Both I've painted over fine but never tried it over silicone. Best I can give ya.
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Sorry to hear that. You in trouble!!! The first mistake was using GE caulk. The stuff is JUNK. I got suckered into using the same stuff, only the GE caulk that I had was "paintable" silocone caulk. Yea, right. The paint fish-eyed and looked like crap. I also tried the "white" version of the same stuff. It turned clear when it dried. GE CAULK IS GARBAGE!! AVOID IT AT ALL COST!!
Your best bet would have been to use pre-painted hardie plank with a matching tri-polymer sealant. They have color-matched caulk avaliable for the stock colors of hardie-plank.
If this mess were mine (and I'm glad it's not) I would remove the silicone caulk, and paint. Hopefully the silocone has not contaminated a large area that causes more fisheyes. After painting, I would then re-caulk with a latex or tri-polymer color-matched caulk.
Good Luck!!

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I don't know that GE is any better or worse than other brands, but I think the caulk that dried clear was supposed to... several brands now offer a clear caulking that goes on white, but dries clear (easier to see when you're applying it... and works pretty well, imo)
One suggestion to to try to find a colour matching caulk and apply it over the existing caulk - I think silicone will stick to itself okay if it's pretty fresh... good luck!
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Plan now to remove every board in contact with the silicone sealant. If this means doing over the whole job, so be it. in a word, you're scr*wd. When the boards are off, get rid of every trace of the stuff, razor blades where you can see it, methylene chloride paint stripper on the thin films. Might even be a good idea to re-cover the area with Tyvek to avoid further trouble. Sincere sympathy on this mishap and good luck.
Joe
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Good grief. I'm surprised you didn't tell him to demolish the house and build a new one !!!!!
All he has to do it let the silicone weather for a year and it can be painted, or try the spray paint method.
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On Sep 21, 5:17 am, snipped-for-privacy@notmail.com wrote:

I've got silicone sealant on one of my buildings that was applied in 1974 and paint still won't stick to it. It is plain clear silicone, nothing fancy. Perhaps the weathered product you claim successs with was really another polymer altogether. There is general agreement in the industry that silicones and paints are not happy partners. Stop by and chat with the lads in a body shop sometime if you need some horror stories abut the problem.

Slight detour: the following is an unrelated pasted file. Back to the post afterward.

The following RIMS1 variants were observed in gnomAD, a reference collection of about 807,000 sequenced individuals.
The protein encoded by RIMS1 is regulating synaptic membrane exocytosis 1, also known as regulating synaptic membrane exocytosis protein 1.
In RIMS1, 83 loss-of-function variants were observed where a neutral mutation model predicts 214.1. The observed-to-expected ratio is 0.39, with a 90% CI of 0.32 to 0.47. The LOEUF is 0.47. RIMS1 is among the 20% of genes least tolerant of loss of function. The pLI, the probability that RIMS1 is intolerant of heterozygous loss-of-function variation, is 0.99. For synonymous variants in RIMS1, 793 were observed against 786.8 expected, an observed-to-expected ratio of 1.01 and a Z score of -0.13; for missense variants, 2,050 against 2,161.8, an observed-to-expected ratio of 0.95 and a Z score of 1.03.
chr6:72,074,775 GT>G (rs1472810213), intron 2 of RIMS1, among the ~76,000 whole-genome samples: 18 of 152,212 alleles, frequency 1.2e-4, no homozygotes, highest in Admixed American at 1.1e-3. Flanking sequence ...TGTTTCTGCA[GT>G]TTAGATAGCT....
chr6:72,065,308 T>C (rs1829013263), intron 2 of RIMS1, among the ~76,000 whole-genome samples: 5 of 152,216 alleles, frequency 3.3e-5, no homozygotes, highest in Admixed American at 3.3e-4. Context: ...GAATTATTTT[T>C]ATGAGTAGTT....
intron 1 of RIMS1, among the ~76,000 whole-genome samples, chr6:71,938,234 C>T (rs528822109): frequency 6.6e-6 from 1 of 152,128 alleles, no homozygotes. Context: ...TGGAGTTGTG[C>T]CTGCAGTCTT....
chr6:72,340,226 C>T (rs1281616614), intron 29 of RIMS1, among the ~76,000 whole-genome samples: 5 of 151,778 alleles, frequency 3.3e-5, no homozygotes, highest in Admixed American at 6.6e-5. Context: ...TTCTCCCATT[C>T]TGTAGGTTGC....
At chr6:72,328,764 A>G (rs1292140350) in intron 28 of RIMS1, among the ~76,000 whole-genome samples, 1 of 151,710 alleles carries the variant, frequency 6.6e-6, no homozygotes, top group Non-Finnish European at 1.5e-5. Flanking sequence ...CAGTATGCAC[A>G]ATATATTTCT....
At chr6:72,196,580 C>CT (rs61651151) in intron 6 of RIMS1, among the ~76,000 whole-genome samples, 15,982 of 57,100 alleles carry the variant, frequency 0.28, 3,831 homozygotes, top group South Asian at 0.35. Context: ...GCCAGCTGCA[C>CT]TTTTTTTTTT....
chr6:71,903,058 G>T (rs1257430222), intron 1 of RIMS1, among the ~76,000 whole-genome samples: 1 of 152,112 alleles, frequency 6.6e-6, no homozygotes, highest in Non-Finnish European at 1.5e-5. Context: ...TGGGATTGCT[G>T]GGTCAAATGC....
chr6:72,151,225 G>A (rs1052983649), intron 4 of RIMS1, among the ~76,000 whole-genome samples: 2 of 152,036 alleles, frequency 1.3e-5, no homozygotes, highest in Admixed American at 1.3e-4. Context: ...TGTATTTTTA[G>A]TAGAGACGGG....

Joe
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The stuff I used was 100% pure silicone. It was out in the weather and could be painted a year later. Ok, there were a few fish eye spots, but nothing I'd lose sleep over. This June I applied some silicone between a metal roof and the wood facia board on a shed. The old fashined corrigated metal allowed moisture to enter, which caused the old facia board to rot. I replaced the board and applied the silicone. When I went to paint the new facia boards, the paint would not adhere to the clear silicone, so I had an ugly strip of bare wood showing. I took a can of aluminum paint (cheap Walmart stuff) and painted the silicone, since the metal was silver anyhow. After it dried, I painted the wood again with the latex paint and it covered well, but left a few fisheyes again, but very few. This is just based on personal expreience. The silicone was also from Walmart, and said 100% silicone, and I know what it smells like, and it was definately silicone. I should also mention that I applied it to a barn roof and put the caulk around almost every loose nail head. The following year I painted the entire roof with an oil based silver paint in gallon cans. 99% of the silicone was painted when I finished the job.